Nicolás Orera Migliaccio, Alumni at CEIP Los Albares: “In NEMESIS we had to use our brains”
26 May 2021

Nicolás Orera Migliaccio, Alumni at CEIP Los Albares: “In NEMESIS we had to use our brains”

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26 May 2021

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What do you especially remember about NEMESIS? 

Among my best memories is the fact that we could propose new things and that everyone was eager to participate because you had a good time and at the same time we changed things that could be improved at the school.

How does NEMESIS differ from other activities you did at school? 

In NEMESIS we had to use our brains while other extracurricular activities were more physical.

What was the role of adults at Co-Lab meetings?

Mainly the adults were supportive but the important ideas came from us, from the students.

Would you improve something if you had to do it again?

I would set up a Box for Ideas so that the ideas of all students are taken into account and not just those of the representatives of each group. I would also, although it is more difficult, increase the number of Co-Lab sessions or make a standard form to plan in advance because a lot of time was lost at the beginning and at the end of each session.

Do you think that some of the things you have learned in NEMESIS is coming in handy now that you’ve become a secondary education student? 

Well, creativity and thinking, because NEMESIS helps you think a lot. I spoke to the Headteacher about NEMESIS and we want to launch it here. The Headteacher is also my Language teacher. This is a busy time of the year for her but as soon as she has some spare time we will talk about it. 

What would NEMESIS look like in your high school? 

I would start by creating an ecological brigade because there are always a lot of rubbish in the schoolyard. I would also propose the creation of mini-projects. For example, if you are interested in Technology, propose a project from this area. We have to talk about it in advance with the Headteacher but I think it’s possible.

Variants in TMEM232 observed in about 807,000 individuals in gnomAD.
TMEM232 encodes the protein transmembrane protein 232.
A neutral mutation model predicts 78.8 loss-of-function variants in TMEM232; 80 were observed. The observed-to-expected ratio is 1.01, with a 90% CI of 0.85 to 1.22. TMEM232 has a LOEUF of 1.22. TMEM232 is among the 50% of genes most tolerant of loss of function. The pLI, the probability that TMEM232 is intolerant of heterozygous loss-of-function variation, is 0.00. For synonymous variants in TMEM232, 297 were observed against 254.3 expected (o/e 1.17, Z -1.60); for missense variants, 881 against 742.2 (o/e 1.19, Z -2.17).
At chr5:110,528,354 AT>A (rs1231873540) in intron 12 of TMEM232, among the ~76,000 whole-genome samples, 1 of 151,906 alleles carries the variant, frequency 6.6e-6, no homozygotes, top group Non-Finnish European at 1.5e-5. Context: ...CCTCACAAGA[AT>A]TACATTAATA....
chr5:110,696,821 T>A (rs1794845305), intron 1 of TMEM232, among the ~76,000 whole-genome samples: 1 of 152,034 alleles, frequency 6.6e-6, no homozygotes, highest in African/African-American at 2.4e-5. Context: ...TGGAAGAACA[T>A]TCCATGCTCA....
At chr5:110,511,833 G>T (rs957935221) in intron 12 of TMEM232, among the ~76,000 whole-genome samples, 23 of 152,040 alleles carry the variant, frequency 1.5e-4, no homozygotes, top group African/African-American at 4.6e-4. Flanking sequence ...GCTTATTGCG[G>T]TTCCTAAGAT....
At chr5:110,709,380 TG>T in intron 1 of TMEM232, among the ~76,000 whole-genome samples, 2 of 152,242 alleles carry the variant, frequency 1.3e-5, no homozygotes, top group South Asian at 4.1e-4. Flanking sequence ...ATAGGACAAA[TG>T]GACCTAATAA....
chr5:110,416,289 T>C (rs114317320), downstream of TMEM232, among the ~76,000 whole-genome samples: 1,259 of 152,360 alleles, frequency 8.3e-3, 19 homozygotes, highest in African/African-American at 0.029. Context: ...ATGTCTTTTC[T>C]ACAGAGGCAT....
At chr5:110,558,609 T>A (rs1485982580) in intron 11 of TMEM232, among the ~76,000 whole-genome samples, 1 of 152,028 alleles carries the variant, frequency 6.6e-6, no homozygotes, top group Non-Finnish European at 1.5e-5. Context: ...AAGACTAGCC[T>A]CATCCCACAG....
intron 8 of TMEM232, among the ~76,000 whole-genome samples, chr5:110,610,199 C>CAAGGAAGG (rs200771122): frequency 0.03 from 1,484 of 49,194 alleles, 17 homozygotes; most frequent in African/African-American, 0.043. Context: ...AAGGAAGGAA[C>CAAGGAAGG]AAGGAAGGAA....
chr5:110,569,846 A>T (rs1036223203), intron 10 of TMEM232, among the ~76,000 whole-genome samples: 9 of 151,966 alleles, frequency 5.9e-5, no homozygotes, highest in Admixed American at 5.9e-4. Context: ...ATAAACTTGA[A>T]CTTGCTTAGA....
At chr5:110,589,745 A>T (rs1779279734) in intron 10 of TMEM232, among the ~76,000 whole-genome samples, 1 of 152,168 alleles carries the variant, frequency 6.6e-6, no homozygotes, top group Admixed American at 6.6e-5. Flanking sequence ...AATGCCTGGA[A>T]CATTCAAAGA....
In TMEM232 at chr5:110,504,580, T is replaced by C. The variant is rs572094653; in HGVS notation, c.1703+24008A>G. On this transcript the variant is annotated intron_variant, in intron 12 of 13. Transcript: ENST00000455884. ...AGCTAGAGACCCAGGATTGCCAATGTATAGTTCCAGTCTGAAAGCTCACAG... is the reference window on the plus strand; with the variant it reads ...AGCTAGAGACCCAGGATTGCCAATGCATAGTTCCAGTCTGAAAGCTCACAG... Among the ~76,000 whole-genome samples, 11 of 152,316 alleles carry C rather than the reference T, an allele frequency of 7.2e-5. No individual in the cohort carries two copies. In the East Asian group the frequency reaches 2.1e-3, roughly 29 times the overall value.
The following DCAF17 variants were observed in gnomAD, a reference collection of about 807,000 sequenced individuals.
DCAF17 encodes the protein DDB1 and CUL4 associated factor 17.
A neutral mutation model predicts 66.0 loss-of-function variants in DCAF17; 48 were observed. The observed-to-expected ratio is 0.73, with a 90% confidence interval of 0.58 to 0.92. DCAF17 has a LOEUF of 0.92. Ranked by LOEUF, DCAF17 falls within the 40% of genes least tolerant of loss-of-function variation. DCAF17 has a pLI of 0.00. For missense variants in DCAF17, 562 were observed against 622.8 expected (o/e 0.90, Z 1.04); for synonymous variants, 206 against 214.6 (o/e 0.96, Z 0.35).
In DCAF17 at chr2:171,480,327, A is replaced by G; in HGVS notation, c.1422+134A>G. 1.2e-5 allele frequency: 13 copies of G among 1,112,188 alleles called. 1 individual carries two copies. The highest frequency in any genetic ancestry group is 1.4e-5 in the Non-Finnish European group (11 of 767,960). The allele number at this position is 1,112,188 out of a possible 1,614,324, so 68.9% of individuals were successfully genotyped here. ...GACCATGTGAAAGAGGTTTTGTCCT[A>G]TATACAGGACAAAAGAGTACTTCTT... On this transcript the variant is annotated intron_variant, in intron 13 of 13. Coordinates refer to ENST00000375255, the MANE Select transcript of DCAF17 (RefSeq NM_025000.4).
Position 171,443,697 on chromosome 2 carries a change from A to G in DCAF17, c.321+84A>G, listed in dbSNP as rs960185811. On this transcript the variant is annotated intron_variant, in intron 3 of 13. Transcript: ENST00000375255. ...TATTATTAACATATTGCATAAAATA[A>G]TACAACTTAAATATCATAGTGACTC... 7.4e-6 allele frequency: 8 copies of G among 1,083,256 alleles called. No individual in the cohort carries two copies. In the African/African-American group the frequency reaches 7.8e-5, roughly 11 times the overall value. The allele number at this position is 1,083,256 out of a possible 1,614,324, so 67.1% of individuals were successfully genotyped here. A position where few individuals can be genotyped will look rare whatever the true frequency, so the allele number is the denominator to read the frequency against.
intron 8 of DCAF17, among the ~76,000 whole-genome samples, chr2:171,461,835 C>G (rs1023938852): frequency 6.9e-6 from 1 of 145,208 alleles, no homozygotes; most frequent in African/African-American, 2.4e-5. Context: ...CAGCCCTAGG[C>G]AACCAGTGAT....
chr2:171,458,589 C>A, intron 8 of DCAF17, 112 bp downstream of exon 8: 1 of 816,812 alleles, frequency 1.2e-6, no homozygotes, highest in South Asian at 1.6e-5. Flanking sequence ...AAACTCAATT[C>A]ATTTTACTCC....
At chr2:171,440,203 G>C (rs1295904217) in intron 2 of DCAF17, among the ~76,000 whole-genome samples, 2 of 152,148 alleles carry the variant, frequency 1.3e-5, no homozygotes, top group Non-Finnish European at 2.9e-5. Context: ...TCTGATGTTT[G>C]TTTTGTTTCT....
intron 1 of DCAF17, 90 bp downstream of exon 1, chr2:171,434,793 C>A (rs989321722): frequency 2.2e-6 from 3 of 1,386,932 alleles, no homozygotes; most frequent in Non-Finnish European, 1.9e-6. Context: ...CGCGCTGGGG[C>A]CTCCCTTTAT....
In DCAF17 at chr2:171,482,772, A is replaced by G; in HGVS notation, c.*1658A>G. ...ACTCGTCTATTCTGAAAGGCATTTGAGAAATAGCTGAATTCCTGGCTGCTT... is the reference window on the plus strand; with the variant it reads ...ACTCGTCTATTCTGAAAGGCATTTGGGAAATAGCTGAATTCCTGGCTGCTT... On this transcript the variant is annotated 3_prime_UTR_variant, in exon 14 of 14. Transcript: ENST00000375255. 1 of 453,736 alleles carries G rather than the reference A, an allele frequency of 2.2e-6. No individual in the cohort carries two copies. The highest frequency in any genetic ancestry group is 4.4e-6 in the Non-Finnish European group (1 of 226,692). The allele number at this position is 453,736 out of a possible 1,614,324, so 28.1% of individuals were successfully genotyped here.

In what area would you be interested in creating a project? 

Well, look, I got an idea that can help disruptive students or those who are a little disoriented or who sometimes lose their temper. Normally students who misbehave are sent to pick up trash, do the cleaning, and so on. What I would do would be to create a vegetable garden at school and entrust these students with the mission of taking care of it. I think they will feel better and that later that will be also seen in the classroom. 

In NEMESIS, your opinions counted a lot. What’s your feeling about student’s voice at your secondary school? 

In general, teachers are very supportive. But sometimes your peers react badly when you bring up an idea they don’t like. You feel a bit spooked in a certain way and you become more reluctant to raise things because there are colleagues who boo at you. 

And this in NEMESIS did not happen? 

No, there were disagreements, of course, but contributions were always made to improve the idea. In high school, some people have trouble saying things with respect.  

Are you involved in some projects now were you work in teams or have contact with adults other than teachers? 

They recently launched a contest on COVID19 and the language teacher encouraged us to participate by creating a newspaper. We came up with the idea in groups to interview doctors, grandparents. So, yes, that’s work we do with outsiders.  

Did you apply some of your NEMESIS experience to this project? 

Organizing ourselves, that is something from NEMESIS that I didn’t realise we had in us.

Are you still in contact with CEIP Los Albares and what they are doing at NEMESIS?

Yes, my sister is in 5th grade and she is telling me how the project is going. 

What advice would you give to the colleagues who have taken witness of NEMESIS? 

That all ideas deserve some attention, that you don’t have to say no the first time. And that by working together and pooling all our ideas, it is possible to advance much faster and to do everything much better.  

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